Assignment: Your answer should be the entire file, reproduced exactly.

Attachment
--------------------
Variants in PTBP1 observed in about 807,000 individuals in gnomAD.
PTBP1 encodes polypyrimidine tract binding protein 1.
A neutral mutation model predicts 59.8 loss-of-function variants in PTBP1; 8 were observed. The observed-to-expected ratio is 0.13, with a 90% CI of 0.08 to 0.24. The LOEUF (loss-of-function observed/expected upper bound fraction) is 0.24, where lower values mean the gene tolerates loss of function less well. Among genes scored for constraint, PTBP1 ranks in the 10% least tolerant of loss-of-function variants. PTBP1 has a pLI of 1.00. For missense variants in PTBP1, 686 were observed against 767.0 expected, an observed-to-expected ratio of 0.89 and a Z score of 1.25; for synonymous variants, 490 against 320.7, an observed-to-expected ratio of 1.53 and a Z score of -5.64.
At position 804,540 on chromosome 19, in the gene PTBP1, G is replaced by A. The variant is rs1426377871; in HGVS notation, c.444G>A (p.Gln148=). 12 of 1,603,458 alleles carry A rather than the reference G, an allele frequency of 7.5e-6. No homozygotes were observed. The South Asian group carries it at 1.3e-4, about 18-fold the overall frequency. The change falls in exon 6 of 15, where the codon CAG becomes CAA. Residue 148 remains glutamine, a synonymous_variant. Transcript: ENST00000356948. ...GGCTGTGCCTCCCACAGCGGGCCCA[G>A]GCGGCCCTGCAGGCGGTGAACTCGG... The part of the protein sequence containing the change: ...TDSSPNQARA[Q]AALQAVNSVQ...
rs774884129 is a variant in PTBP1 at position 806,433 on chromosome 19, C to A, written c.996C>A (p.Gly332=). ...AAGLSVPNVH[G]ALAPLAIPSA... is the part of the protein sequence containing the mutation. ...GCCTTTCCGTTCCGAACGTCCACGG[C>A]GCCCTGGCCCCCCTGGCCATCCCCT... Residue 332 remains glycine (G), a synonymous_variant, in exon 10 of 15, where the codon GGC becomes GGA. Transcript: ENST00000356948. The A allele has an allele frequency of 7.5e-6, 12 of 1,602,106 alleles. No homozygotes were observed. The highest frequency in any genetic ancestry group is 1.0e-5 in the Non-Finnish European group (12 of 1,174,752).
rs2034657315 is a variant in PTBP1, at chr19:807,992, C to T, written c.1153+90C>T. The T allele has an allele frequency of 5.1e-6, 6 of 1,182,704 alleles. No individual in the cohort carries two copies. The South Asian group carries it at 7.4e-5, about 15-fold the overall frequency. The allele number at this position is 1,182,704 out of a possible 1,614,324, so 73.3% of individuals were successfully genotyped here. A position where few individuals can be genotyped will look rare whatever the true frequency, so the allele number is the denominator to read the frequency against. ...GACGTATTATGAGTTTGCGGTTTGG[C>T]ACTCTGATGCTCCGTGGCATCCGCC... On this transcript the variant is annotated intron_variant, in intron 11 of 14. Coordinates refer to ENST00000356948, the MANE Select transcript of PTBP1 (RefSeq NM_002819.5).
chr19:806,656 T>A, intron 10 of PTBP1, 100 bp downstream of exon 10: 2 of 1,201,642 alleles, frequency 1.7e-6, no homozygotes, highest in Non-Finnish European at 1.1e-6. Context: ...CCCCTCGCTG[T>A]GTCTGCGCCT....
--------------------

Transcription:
Variants in PTBP1 observed in about 807,000 individuals in gnomAD.
PTBP1 encodes polypyrimidine tract binding protein 1.
A neutral mutation model predicts 59.8 loss-of-function variants in PTBP1; 8 were observed. The observed-to-expected ratio is 0.13, with a 90% CI of 0.08 to 0.24. The LOEUF (loss-of-function observed/expected upper bound fraction) is 0.24, where lower values mean the gene tolerates loss of function less well. Among genes scored for constraint, PTBP1 ranks in the 10% least tolerant of loss-of-function variants. PTBP1 has a pLI of 1.00. For missense variants in PTBP1, 686 were observed against 767.0 expected, an observed-to-expected ratio of 0.89 and a Z score of 1.25; for synonymous variants, 490 against 320.7, an observed-to-expected ratio of 1.53 and a Z score of -5.64.
At position 804,540 on chromosome 19, in the gene PTBP1, G is replaced by A. The variant is rs1426377871; in HGVS notation, c.444G>A (p.Gln148=). 12 of 1,603,458 alleles carry A rather than the reference G, an allele frequency of 7.5e-6. No homozygotes were observed. The South Asian group carries it at 1.3e-4, about 18-fold the overall frequency. The change falls in exon 6 of 15, where the codon CAG becomes CAA. Residue 148 remains glutamine, a synonymous_variant. Transcript: ENST00000356948. ...GGCTGTGCCTCCCACAGCGGGCCCA[G>A]GCGGCCCTGCAGGCGGTGAACTCGG... The part of the protein sequence containing the change: ...TDSSPNQARA[Q]AALQAVNSVQ...
rs774884129 is a variant in PTBP1 at position 806,433 on chromosome 19, C to A, written c.996C>A (p.Gly332=). ...AAGLSVPNVH[G]ALAPLAIPSA... is the part of the protein sequence containing the mutation. ...GCCTTTCCGTTCCGAACGTCCACGG[C>A]GCCCTGGCCCCCCTGGCCATCCCCT... Residue 332 remains glycine (G), a synonymous_variant, in exon 10 of 15, where the codon GGC becomes GGA. Transcript: ENST00000356948. The A allele has an allele frequency of 7.5e-6, 12 of 1,602,106 alleles. No homozygotes were observed. The highest frequency in any genetic ancestry group is 1.0e-5 in the Non-Finnish European group (12 of 1,174,752).
rs2034657315 is a variant in PTBP1, at chr19:807,992, C to T, written c.1153+90C>T. The T allele has an allele frequency of 5.1e-6, 6 of 1,182,704 alleles. No individual in the cohort carries two copies. The South Asian group carries it at 7.4e-5, about 15-fold the overall frequency. The allele number at this position is 1,182,704 out of a possible 1,614,324, so 73.3% of individuals were successfully genotyped here. A position where few individuals can be genotyped will look rare whatever the true frequency, so the allele number is the denominator to read the frequency against. ...GACGTATTATGAGTTTGCGGTTTGG[C>T]ACTCTGATGCTCCGTGGCATCCGCC... On this transcript the variant is annotated intron_variant, in intron 11 of 14. Coordinates refer to ENST00000356948, the MANE Select transcript of PTBP1 (RefSeq NM_002819.5).
chr19:806,656 T>A, intron 10 of PTBP1, 100 bp downstream of exon 10: 2 of 1,201,642 alleles, frequency 1.7e-6, no homozygotes, highest in Non-Finnish European at 1.1e-6. Context: ...CCCCTCGCTG[T>A]GTCTGCGCCT....